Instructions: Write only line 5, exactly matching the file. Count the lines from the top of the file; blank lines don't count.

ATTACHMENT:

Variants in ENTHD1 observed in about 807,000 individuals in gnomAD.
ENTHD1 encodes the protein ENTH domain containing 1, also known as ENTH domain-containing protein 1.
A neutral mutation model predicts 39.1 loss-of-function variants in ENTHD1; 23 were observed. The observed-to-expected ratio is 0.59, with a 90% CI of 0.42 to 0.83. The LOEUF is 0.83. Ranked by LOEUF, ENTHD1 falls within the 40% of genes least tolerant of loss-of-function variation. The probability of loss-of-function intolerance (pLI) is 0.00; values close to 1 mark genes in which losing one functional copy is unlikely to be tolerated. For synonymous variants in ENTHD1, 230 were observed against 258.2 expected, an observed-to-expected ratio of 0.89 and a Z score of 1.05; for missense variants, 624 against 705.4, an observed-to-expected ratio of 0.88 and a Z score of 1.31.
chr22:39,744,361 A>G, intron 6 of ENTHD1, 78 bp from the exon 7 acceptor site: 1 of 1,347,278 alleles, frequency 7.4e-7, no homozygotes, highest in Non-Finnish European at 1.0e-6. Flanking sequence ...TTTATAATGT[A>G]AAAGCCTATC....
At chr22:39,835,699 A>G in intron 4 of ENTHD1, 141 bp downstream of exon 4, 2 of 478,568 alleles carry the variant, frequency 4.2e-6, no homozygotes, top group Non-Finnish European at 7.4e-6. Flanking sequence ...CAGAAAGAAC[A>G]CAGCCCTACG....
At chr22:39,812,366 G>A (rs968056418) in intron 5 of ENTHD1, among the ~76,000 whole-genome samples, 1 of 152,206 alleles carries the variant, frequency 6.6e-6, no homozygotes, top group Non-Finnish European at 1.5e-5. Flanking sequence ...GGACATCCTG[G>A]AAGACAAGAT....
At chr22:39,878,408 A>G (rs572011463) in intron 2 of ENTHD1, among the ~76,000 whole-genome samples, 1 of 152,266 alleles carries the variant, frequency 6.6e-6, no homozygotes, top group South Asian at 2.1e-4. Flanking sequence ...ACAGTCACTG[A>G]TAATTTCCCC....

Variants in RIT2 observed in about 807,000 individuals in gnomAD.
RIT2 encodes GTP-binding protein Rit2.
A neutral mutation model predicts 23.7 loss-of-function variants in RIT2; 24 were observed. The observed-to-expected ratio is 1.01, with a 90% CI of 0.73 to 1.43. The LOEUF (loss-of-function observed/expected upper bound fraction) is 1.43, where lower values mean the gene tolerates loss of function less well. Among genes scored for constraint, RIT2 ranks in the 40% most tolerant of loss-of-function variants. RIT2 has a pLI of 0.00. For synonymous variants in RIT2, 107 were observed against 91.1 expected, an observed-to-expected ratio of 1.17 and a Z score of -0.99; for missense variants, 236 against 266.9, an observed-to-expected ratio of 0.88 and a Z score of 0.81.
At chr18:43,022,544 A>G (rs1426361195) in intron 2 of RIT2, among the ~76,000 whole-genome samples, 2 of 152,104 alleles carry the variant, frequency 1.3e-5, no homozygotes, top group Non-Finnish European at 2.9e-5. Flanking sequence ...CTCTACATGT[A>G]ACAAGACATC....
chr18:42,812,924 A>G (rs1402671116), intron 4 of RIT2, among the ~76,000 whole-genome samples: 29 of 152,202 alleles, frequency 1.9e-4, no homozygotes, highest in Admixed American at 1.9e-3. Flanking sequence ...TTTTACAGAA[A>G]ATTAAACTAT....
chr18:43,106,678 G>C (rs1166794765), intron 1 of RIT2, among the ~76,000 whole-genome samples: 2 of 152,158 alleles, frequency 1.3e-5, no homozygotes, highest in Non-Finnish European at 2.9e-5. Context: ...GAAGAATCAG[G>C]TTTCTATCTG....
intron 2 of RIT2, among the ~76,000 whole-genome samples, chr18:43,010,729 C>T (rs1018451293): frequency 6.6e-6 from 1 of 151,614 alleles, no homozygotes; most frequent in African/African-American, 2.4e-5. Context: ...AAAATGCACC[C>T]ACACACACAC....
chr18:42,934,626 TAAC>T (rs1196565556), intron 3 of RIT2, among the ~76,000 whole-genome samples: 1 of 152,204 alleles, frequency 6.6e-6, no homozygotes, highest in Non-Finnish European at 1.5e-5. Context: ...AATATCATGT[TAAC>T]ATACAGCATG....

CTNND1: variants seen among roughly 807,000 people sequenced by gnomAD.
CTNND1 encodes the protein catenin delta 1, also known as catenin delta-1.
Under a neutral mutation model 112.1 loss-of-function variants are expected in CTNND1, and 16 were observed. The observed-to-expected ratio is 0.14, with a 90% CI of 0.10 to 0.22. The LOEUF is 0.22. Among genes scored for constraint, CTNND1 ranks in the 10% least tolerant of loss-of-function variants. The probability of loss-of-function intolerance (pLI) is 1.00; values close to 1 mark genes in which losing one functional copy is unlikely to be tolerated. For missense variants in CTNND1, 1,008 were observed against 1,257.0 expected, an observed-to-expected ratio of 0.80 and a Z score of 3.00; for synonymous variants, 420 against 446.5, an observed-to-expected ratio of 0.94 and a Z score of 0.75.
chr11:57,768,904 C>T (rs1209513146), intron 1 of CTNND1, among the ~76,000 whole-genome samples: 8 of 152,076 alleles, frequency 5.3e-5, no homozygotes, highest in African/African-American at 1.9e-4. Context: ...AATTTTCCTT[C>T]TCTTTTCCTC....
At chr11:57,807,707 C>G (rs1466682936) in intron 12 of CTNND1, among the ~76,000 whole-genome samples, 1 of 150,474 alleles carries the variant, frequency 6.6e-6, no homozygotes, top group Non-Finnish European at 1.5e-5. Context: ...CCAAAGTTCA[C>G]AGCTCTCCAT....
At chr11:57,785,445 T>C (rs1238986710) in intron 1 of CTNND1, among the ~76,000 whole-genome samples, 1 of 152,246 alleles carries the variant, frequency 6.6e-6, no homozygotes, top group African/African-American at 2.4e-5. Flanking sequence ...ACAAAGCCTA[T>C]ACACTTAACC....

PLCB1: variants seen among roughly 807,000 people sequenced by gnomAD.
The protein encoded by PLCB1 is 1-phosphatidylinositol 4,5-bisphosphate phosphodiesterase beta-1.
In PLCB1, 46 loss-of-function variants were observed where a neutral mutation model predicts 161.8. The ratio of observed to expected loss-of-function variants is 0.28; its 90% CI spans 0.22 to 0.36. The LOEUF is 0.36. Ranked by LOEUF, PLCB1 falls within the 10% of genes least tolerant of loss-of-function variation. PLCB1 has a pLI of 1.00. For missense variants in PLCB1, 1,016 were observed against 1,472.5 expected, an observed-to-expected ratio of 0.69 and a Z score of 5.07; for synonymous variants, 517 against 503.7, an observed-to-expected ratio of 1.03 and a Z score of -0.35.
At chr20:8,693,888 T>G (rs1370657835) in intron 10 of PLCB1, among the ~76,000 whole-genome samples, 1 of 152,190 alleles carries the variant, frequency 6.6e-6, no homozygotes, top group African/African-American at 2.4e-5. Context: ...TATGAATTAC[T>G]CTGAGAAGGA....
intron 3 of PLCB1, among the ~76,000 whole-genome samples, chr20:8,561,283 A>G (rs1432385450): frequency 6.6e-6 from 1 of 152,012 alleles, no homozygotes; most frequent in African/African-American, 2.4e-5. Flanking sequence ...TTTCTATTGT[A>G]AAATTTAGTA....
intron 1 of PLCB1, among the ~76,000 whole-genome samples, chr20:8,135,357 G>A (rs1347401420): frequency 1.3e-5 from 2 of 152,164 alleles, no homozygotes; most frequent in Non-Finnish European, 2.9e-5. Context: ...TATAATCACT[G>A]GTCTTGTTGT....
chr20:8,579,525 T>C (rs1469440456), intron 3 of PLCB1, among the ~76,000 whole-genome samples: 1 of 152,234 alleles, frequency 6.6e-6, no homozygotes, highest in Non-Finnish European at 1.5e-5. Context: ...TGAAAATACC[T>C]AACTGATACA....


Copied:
At chr22:39,835,699 A>G in intron 4 of ENTHD1, 141 bp downstream of exon 4, 2 of 478,568 alleles carry the variant, frequency 4.2e-6, no homozygotes, top group Non-Finnish European at 7.4e-6. Flanking sequence ...CAGAAAGAAC[A>G]CAGCCCTACG....